What Do an Outhouse, Castle & Tea House Have in Common?

Answer: You’ll have to read this Discover Small Town America Tour post to find out! 

Rorie and Bart set out the other day for off-the-beaten-track destinations in interior Florida with several possible target locations in mind. Much to their joy, they unexpectedly discovered places that hadn’t been on their radar screen when the journey began. Their route took them to Zolfo Springs (pop 1,805), where Bart spied a sign for Pioneer Village park and the Cracker Trail Museum. After the dust settled from his really sharp left turn into the Museum parking lot, we toured the picturesque park and visited the museum. The Village has a cabin from 1879 with an adjacent outhouse (certainly too far from the cabin for Rorie to walk on a cold dark night), an 1897 blacksmith shop, an 1880’s reconstructed smokehouse, post office, work wagons and – every kid’s (little and big) favorite – a huge locomotive engine. 

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The actual museum building contains thousands of historic pioneer-era items and photographs. Judith George, the museum’s Curator, is a walking library of information about the museum and early pioneers in this area, and an enthusiastic champion of the Cracker Trail, Pioneer Village park and surrounding areas. For more information on this interesting piece of history, go to the Cracker Trail Museum website – www.hardeecounty.net/crackertrailmuseum.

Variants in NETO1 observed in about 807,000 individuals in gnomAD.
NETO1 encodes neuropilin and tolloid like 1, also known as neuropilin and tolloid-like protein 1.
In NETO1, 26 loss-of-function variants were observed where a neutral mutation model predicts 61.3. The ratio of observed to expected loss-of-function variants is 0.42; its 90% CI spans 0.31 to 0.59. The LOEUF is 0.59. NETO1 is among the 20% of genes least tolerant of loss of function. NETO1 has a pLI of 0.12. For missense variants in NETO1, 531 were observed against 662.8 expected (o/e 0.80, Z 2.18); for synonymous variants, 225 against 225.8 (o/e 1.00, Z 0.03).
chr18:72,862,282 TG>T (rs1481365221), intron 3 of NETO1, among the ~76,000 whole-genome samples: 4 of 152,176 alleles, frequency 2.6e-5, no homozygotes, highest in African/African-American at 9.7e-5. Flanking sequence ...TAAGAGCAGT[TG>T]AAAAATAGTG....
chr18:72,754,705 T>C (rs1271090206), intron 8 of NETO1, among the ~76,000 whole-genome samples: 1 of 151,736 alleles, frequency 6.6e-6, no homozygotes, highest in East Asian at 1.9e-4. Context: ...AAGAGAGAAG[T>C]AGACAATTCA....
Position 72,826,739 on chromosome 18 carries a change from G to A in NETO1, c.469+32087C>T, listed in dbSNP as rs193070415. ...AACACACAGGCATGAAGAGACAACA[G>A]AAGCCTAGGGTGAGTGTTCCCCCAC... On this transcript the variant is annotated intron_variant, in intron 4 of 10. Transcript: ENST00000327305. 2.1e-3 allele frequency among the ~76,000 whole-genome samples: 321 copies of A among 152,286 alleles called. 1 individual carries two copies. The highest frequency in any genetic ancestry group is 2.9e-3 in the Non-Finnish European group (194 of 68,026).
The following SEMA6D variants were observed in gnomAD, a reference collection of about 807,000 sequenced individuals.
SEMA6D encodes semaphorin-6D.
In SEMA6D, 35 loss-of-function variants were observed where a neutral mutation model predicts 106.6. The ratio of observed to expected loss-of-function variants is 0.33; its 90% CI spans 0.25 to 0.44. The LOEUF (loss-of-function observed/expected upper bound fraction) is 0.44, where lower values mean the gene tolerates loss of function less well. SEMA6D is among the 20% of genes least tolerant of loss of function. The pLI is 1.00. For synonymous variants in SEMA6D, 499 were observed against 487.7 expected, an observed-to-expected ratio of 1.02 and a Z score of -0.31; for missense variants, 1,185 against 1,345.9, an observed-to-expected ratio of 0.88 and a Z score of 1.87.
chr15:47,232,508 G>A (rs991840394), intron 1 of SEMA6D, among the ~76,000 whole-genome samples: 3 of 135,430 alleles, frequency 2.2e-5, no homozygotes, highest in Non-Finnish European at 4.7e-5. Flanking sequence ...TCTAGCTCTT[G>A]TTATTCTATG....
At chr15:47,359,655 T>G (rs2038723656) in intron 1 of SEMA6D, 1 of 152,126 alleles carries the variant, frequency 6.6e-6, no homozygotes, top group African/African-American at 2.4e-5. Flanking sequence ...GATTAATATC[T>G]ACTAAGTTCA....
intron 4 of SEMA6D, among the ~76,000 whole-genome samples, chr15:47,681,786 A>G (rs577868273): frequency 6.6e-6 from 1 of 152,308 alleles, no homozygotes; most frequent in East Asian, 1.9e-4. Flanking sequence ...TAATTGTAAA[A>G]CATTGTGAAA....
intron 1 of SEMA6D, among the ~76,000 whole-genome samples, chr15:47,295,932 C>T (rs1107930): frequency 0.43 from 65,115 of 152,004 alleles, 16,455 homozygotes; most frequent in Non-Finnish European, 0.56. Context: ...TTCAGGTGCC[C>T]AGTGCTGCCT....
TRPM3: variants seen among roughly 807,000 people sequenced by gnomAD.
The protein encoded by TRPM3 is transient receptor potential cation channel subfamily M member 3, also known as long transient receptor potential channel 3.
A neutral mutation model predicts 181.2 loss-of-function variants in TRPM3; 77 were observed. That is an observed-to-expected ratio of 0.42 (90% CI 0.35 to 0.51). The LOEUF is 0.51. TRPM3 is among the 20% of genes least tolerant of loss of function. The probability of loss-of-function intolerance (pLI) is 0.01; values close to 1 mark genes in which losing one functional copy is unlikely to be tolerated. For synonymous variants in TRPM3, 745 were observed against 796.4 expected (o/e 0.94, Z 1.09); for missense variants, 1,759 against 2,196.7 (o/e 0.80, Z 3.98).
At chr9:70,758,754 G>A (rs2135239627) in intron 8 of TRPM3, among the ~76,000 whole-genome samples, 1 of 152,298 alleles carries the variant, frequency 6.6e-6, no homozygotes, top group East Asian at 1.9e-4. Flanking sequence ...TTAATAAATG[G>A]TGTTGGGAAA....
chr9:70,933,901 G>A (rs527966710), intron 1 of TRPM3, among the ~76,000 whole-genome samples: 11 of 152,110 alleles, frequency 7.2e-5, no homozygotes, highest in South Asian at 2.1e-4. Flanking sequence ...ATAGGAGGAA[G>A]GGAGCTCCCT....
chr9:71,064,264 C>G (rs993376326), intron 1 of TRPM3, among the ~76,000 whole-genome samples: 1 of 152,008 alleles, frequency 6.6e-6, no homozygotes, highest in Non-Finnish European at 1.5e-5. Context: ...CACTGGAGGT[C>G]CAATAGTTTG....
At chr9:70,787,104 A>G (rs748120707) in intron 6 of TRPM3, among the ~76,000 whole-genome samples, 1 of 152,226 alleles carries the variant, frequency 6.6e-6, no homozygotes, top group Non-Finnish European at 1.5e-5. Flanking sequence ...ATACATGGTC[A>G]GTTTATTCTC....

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After leaving the museum, we cruised down more country roads to the tiny town of Ona (pop. 314) in search of Solomon’s Castle, built by Harold Solomon, an internationally renowned artist and sculptor. Mr. Solomon started building the castle in a Florida swamp in 1972. This 12,000 square foot 3-story homage to recycling is Harold’s art studio and home. As astonishing as the inside of the home is, the exterior is positively quirky. Every square inch of the castle is covered with blindingly bright discarded aluminum printing plates. It looks like someone wrapped Disney’s Magic Kingdom in tinfoil. 

The long, winding yellow brick walkway leading to the castle is another “brilliant” illusion. It actually isn’t brick, but rather poured concrete painted and stamped to look like the real thing. Stained glass windows, turrets, Solomon’s art and sculptures, extensive walking trails, a “boat in a moat” which houses a family run restaurant, a lighthouse and – of course- Harold, the king of the castle, along with four generations of his family, all make for the most remarkable, one-of-a-kind experience.

 

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Old Florida: Peacocks, Blue Mermaids & Moore(s)

The Discover Small Town America Tour recently explored historic Longbeach Village, which was founded in 1885. Located in western Manatee County on the Gulf Coast of Florida, the village is a classic representation of “Old Florida”. While it was home to a thriving fishing industry in the early 1900s, today the Village is noted for its active arts and cultural activities and its tropical beauty.